Ten Oxford students. Three dinner courses. One club. But it isn’t any normal university society, this is the Riot Club, an elitist dining society, exclusive to those with only the bluest of blood and the largest of wallets. Gathering together for one of their infamous dinner parties, what at first seems like a typical (though extremely toffish) lad’s club social, slowly takes a darker more twisted turn. Based loosely on the real life Oxford Bullingdon Club, whose past members include David Cameron and George Osborne, Posh aims to examine the dark underbelly of privilege and to criticise the uneven power structure that governs our society.
It is within the single set of the private dining room of the Bulls Head Inn, the audience are introduced to the ten members of the Riot Club. Coming together with a chorus of posh tones and dressed like 18th century aristocrats, they at first seem to represent a light hearted parody of the stereotypes of the upper class. And let’s face it – hearing posh people swear is funny. It just is. However as we head steadily towards the interval, the comedy takes darker and darker twists, eventually spiralling out of control. Member Alistair Ryle (Jordan Metcalf) is a main instigator of this, worming his way into the group psyche with his twisted ideology of entitlement. ‘I’m sick to f**king death of poor people!’ Metcalf spits with venom at the peak of his performance and sparks the descent into violence and chaos.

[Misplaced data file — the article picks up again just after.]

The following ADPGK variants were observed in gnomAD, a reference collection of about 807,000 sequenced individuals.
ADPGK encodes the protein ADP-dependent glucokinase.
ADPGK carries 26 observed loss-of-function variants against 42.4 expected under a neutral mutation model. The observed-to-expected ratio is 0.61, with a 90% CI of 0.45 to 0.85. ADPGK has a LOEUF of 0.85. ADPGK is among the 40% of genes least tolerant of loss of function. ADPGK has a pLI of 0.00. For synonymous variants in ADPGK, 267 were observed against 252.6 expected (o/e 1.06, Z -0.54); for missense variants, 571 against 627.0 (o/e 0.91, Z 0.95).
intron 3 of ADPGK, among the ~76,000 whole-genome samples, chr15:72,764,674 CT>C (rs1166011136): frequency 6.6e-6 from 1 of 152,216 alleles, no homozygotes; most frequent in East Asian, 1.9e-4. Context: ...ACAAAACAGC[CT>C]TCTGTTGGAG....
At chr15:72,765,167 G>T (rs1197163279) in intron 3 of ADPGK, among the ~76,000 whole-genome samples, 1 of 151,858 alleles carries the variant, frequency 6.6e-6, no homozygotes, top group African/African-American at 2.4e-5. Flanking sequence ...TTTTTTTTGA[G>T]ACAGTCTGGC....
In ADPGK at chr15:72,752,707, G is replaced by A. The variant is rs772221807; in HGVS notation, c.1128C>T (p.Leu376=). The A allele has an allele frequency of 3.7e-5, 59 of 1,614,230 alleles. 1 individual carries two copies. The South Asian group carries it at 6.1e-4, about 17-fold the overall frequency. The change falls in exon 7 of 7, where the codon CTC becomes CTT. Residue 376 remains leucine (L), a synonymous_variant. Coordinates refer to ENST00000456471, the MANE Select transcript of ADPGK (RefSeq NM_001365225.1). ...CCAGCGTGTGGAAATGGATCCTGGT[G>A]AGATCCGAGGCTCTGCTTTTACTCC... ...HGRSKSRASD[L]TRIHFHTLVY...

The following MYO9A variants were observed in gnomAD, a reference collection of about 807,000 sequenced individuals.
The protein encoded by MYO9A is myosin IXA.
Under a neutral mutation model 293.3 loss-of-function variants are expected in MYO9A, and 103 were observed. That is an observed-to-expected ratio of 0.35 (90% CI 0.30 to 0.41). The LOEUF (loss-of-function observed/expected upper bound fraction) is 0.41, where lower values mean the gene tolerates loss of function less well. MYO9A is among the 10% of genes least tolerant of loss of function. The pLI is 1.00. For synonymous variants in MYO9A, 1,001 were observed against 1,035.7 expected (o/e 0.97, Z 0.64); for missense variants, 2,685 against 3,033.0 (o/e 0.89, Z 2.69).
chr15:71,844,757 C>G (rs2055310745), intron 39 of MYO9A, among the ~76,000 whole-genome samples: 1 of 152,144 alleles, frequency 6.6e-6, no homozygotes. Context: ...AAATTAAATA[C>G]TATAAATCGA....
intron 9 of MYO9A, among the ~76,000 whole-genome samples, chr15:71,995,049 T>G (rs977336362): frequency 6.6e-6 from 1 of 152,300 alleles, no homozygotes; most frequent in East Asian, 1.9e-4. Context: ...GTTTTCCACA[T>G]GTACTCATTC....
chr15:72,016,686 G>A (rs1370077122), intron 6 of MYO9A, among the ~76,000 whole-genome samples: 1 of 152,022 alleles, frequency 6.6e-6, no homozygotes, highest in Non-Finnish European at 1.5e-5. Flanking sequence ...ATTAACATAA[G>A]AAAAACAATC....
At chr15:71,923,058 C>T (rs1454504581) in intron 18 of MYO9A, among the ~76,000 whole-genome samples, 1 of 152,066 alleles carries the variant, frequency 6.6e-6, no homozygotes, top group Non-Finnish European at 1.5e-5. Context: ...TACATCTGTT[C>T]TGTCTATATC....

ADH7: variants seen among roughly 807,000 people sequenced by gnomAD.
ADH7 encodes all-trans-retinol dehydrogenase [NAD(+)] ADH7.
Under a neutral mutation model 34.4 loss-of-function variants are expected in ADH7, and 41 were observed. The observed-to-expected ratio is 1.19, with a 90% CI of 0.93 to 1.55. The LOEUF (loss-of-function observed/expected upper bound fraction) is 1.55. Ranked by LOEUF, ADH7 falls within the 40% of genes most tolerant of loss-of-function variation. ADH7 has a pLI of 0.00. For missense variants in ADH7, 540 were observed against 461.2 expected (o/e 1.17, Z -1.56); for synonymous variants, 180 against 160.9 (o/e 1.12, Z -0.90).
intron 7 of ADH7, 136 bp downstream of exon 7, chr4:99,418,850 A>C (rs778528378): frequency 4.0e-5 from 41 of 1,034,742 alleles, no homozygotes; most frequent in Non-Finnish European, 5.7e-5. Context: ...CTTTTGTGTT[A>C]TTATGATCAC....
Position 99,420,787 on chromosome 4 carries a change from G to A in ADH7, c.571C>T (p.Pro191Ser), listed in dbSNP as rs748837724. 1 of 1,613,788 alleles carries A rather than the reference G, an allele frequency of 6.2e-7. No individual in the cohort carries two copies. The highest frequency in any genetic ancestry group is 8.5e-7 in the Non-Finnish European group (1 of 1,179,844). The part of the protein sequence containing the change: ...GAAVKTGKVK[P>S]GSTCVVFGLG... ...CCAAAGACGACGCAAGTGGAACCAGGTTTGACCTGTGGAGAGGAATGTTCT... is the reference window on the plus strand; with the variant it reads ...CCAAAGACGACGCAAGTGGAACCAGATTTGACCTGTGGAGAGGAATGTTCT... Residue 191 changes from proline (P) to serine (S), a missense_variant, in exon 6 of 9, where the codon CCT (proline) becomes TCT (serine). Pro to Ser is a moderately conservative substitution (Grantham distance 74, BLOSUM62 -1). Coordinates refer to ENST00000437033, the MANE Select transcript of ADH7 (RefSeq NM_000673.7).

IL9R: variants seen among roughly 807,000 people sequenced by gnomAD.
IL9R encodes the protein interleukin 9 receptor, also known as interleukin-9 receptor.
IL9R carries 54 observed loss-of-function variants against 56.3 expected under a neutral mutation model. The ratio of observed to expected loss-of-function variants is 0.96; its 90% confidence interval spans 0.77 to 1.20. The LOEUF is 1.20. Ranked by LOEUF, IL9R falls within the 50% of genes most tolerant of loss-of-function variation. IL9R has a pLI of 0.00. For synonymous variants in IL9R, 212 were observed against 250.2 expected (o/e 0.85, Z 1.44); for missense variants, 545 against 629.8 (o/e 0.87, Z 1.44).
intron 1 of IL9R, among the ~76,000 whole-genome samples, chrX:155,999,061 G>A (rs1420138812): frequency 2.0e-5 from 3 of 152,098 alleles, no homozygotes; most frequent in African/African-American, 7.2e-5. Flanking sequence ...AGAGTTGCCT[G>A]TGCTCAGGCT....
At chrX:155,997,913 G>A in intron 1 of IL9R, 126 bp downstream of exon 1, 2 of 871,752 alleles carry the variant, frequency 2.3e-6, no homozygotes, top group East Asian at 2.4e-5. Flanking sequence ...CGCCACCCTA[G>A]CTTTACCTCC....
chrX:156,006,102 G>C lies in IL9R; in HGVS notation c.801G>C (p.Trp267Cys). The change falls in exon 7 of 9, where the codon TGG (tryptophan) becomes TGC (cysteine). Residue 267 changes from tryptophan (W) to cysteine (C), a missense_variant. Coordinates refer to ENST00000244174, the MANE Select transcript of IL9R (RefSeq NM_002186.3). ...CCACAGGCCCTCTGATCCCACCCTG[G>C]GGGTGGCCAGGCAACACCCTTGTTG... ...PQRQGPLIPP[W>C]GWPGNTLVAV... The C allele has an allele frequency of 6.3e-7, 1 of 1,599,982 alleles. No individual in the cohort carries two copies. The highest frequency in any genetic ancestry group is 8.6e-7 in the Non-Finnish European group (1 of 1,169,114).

While the acting throughout was superb, and the plot upheld a good balance between comedic and darkly thought provoking, at times the play did veer too much towards the ridiculous. One scene where the spirit of Lord Riot supposedly possesses member Toby Maitland (Tom Clegg) was quite frankly laughable, and was a complete departure from the realism of the play. At times the ‘rah’ attitude displayed by the boys was also slightly over the top and had the potential to feel forced.
The staging of the play was very well done, portraying a very naturalist stage depicting every small detail of the inside of the plush dining room. The only problem with this, however, was that the table, although placed at the most open angle possible, still meant that some of the actors were blocked from view and sometimes had their backs to the audience. The constant movement of the actors throughout the production meant that this was only a slight problem, as they never remained too long in a blocked position.
Comedic yet disturbing, Posh is certainly a very intriguing show. With its light hearted capers juxtaposed with a shocking violent conclusion the play asks interesting political questions and makes us think – who is really running our society?
Edited by Harriet Dunlea